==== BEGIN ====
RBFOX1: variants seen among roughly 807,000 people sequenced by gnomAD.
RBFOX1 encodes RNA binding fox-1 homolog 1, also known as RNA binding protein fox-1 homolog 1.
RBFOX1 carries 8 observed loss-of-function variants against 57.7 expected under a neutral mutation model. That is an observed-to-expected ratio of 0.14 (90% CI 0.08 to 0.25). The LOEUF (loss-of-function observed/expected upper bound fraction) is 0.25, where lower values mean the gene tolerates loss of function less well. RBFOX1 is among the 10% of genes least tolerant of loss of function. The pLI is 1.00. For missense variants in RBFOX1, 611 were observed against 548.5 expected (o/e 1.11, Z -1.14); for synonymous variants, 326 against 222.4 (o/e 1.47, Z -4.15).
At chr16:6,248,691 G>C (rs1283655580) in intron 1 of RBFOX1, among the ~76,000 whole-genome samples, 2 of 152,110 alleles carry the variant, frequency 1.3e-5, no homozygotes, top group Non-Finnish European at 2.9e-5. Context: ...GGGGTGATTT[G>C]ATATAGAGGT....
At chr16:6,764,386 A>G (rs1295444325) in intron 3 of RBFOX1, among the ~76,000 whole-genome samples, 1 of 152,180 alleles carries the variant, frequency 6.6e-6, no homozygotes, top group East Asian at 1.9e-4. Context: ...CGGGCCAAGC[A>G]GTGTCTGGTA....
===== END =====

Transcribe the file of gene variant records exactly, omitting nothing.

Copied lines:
RBFOX1: variants seen among roughly 807,000 people sequenced by gnomAD.
RBFOX1 encodes RNA binding fox-1 homolog 1, also known as RNA binding protein fox-1 homolog 1.
RBFOX1 carries 8 observed loss-of-function variants against 57.7 expected under a neutral mutation model. That is an observed-to-expected ratio of 0.14 (90% CI 0.08 to 0.25). The LOEUF (loss-of-function observed/expected upper bound fraction) is 0.25, where lower values mean the gene tolerates loss of function less well. RBFOX1 is among the 10% of genes least tolerant of loss of function. The pLI is 1.00. For missense variants in RBFOX1, 611 were observed against 548.5 expected (o/e 1.11, Z -1.14); for synonymous variants, 326 against 222.4 (o/e 1.47, Z -4.15).
At chr16:6,248,691 G>C (rs1283655580) in intron 1 of RBFOX1, among the ~76,000 whole-genome samples, 2 of 152,110 alleles carry the variant, frequency 1.3e-5, no homozygotes, top group Non-Finnish European at 2.9e-5. Context: ...GGGGTGATTT[G>C]ATATAGAGGT....
At chr16:6,764,386 A>G (rs1295444325) in intron 3 of RBFOX1, among the ~76,000 whole-genome samples, 1 of 152,180 alleles carries the variant, frequency 6.6e-6, no homozygotes, top group East Asian at 1.9e-4. Context: ...CGGGCCAAGC[A>G]GTGTCTGGTA....